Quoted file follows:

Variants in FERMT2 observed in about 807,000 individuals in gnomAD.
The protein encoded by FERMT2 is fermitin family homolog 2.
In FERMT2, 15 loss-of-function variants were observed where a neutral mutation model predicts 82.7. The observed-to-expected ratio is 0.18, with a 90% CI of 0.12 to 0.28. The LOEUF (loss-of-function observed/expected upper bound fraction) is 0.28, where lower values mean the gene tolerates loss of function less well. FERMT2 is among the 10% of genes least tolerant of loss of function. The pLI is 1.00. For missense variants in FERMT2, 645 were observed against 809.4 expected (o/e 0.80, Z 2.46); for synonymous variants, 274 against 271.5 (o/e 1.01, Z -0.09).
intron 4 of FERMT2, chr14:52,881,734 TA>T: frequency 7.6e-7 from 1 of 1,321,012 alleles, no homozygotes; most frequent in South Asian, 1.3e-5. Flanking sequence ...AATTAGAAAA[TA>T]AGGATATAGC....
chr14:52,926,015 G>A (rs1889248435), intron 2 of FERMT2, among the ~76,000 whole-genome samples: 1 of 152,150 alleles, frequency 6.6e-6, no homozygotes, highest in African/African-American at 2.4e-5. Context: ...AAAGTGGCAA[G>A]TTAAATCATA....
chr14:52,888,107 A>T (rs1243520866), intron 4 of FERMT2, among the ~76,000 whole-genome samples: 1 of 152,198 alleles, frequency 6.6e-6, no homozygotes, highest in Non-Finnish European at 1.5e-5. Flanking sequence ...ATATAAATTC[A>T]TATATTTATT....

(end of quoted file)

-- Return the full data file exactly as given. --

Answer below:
Variants in FERMT2 observed in about 807,000 individuals in gnomAD.
The protein encoded by FERMT2 is fermitin family homolog 2.
In FERMT2, 15 loss-of-function variants were observed where a neutral mutation model predicts 82.7. The observed-to-expected ratio is 0.18, with a 90% CI of 0.12 to 0.28. The LOEUF (loss-of-function observed/expected upper bound fraction) is 0.28, where lower values mean the gene tolerates loss of function less well. FERMT2 is among the 10% of genes least tolerant of loss of function. The pLI is 1.00. For missense variants in FERMT2, 645 were observed against 809.4 expected (o/e 0.80, Z 2.46); for synonymous variants, 274 against 271.5 (o/e 1.01, Z -0.09).
intron 4 of FERMT2, chr14:52,881,734 TA>T: frequency 7.6e-7 from 1 of 1,321,012 alleles, no homozygotes; most frequent in South Asian, 1.3e-5. Flanking sequence ...AATTAGAAAA[TA>T]AGGATATAGC....
chr14:52,926,015 G>A (rs1889248435), intron 2 of FERMT2, among the ~76,000 whole-genome samples: 1 of 152,150 alleles, frequency 6.6e-6, no homozygotes, highest in African/African-American at 2.4e-5. Context: ...AAAGTGGCAA[G>A]TTAAATCATA....
chr14:52,888,107 A>T (rs1243520866), intron 4 of FERMT2, among the ~76,000 whole-genome samples: 1 of 152,198 alleles, frequency 6.6e-6, no homozygotes, highest in Non-Finnish European at 1.5e-5. Flanking sequence ...ATATAAATTC[A>T]TATATTTATT....